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Published on: June 3, 2020, 7:10 p.m.
The domestic textiles and apparel sector see tough times ahead
  • Demand has fallen for textiles and apparels. Photo credit: Sanjay Borade

By Arbind Gupta. Assistant Editor, Business India

The domestic textile and apparel sector has expressed its reservations of the government’s recently announced Rs20-lakh crore stimulus package, even as it has welcomed the measures particularly put out to revive the MSME sector. Industry players are of the view that most of the initiatives in the stimulus package are long term in nature and there is no concrete move in the immediate term to revive the economy in general and the industry in particular.

The demand for textiles and apparels in April and May was significantly down by more than 60 per cent in the domestic market, even as export orders have been getting cancelled or put on hold. As the lockdown restrictions continue with some calibrated relaxations across domestic and global markets, experts say that the demand in the current fiscal is likely to be down by at least around 35 per cent and this low demand situation will severely impact the domestic textiles and apparel industry that has already been in difficult times for the last few years now.

The Clothing Manufacturers Association of India (CMAI) has said that the whole effort to revive the garment sector by way of the MSME package will not yield the desired results as one of the key links of the value chain – retailers and traders – is not registered under MSME and hence they will not be able to avail the much-needed benefits of the package.

“Since the entire value chain is impacted, the support package has to be made available to the entire textile and apparel value chain. The ongoing restrictions have already crippled businesses and hence they are the ones who should be bailed out or else in the absence of demand from retailers, the supply side will not see the recovery,” says Rahul Mehta, immediate past president and chief mentor at CMAI.

 

Experts are also of the view that the Rs20 lakh crore stimulus package doesn’t offer any specific measures for the textiles and apparel industry which generates the largest employment after the agriculture sector. Moreover, they also believe that restarting the manufacturing process going forward will be adversely impacted due to the labour shortage that is arising on account of migration of labourers from urban locations to their native places.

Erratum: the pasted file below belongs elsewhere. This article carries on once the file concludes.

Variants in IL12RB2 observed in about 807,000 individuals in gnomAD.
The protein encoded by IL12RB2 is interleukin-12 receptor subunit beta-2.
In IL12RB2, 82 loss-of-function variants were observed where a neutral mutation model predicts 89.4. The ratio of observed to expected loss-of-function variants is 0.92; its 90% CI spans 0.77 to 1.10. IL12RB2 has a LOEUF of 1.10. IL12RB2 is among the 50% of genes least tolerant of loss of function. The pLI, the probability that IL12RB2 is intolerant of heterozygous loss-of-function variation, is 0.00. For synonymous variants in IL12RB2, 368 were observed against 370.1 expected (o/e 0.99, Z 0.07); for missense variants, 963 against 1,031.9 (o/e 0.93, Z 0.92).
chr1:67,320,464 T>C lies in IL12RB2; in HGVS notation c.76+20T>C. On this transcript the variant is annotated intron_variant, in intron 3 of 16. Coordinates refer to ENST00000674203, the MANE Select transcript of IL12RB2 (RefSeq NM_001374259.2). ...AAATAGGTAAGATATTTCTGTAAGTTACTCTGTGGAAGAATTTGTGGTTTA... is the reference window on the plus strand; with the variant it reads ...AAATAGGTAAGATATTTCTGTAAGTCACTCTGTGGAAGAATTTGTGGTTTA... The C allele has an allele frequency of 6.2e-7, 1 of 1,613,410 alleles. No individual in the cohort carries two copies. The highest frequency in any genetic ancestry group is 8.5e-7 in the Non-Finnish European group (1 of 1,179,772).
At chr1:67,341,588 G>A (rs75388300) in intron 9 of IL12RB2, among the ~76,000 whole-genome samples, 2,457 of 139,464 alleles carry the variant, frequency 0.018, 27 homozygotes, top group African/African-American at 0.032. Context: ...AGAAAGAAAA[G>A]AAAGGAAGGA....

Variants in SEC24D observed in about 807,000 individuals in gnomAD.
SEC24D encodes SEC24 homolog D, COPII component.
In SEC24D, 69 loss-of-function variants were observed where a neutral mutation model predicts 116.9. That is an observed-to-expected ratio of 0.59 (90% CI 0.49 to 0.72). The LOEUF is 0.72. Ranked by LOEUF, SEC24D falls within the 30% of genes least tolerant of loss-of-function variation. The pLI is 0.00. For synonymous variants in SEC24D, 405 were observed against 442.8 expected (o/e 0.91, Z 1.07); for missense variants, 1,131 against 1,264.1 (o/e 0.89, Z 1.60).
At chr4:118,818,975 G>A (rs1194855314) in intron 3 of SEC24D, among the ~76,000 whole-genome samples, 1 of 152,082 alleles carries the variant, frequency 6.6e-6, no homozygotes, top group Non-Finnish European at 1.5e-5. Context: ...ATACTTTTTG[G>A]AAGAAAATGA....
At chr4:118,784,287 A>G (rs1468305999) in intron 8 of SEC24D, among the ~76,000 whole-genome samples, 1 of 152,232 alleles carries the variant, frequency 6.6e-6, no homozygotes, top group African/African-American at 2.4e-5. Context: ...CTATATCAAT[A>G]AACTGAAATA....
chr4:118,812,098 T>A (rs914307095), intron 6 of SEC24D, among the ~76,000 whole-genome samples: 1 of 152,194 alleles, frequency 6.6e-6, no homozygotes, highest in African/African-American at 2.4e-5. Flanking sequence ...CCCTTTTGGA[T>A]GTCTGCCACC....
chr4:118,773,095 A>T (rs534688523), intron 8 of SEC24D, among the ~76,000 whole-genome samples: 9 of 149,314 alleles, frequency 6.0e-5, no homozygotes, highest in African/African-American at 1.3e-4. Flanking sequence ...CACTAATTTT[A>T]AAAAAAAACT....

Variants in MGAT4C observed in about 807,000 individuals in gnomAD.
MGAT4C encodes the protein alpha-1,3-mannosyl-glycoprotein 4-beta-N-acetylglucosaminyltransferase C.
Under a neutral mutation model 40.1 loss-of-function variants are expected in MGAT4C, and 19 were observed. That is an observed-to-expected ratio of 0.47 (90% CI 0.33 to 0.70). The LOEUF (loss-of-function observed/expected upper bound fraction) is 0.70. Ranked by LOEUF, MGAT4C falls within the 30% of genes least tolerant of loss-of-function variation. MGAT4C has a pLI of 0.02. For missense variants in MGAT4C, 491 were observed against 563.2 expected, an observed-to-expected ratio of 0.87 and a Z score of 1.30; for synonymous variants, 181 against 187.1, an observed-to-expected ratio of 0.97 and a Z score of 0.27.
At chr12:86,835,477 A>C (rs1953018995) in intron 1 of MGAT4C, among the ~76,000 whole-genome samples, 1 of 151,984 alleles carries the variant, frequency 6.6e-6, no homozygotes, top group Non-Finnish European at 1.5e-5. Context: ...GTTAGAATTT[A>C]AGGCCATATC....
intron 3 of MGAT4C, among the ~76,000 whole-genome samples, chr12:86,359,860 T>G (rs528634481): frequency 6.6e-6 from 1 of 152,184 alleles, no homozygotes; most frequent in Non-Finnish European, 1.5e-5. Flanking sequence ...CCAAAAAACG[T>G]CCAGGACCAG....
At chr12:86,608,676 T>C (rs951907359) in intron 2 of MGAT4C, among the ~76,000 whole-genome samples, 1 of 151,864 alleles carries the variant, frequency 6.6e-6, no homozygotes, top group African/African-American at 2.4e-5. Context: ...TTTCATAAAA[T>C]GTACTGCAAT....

“Being one of the major industries, the textile sector, already under severe pressure for some time now, was desperately looking for some specific measures and sops. But since that has not come, and on the other hand demand has been considerably affected, the industry is finding it difficult to reboot itself. Shortage of labour will be a big issue for the capital incentive segment of the business,” says Sanjay Jain, immediate past president, CITI.

Meanwhile, CMAI, representing the interests of close to 4,000 members from the garment sector and servicing over 20,000 retailers, has also urged the Union government to consider levying a temporary Additional Covid Duty on all imports of apparel and readymade garments, including on those garments imported from countries with whom India has a Free Trade Agreement, especially Bangladesh.

CMAI for long has been drawing the government’s attention to the dangers posed by the duty-free imports of garments from Bangladesh, and with it the back-door entry of Chinese fabrics into India, and its subsequent impact on the MSME-dominated domestic garment industry. Based on a recent study done by CMAI, it is estimated that more than 20 per cent of domestic units may face closure, being unable to survive the current crisis. The reduction in demand and revenue levels will lead to downsizing of operations, closure of units and job losses in the Indian textile and apparel industry to the tune of Rs1 crore (across the entire textile value chain).

“In this crisis situation, it is important to think of innovative ideas and policies to support the industry. We have suggested that such a measure may be undertaken only for a limited period of time of 12 months, after which we can go back to our current agreements in force,” stated Mehta.

The garment industry is of the view that such an additional duty will result in a level playing field for domestic manufacturers, and help them compete with countries like Bangladesh, which currently has at least a 15 per cent cheaper production cost.

“This will have a great positive impact on the domestic industry and will result in the quick recovery of hundreds of MSMEs, which are today on the verge of collapse, and the possible savings of hundreds of thousands of jobs. Additionally, this will enable the government to collect around $100-150 million for its fight against Covid-19 (depending on the quantum of duty imposed),” says a CMAI release.

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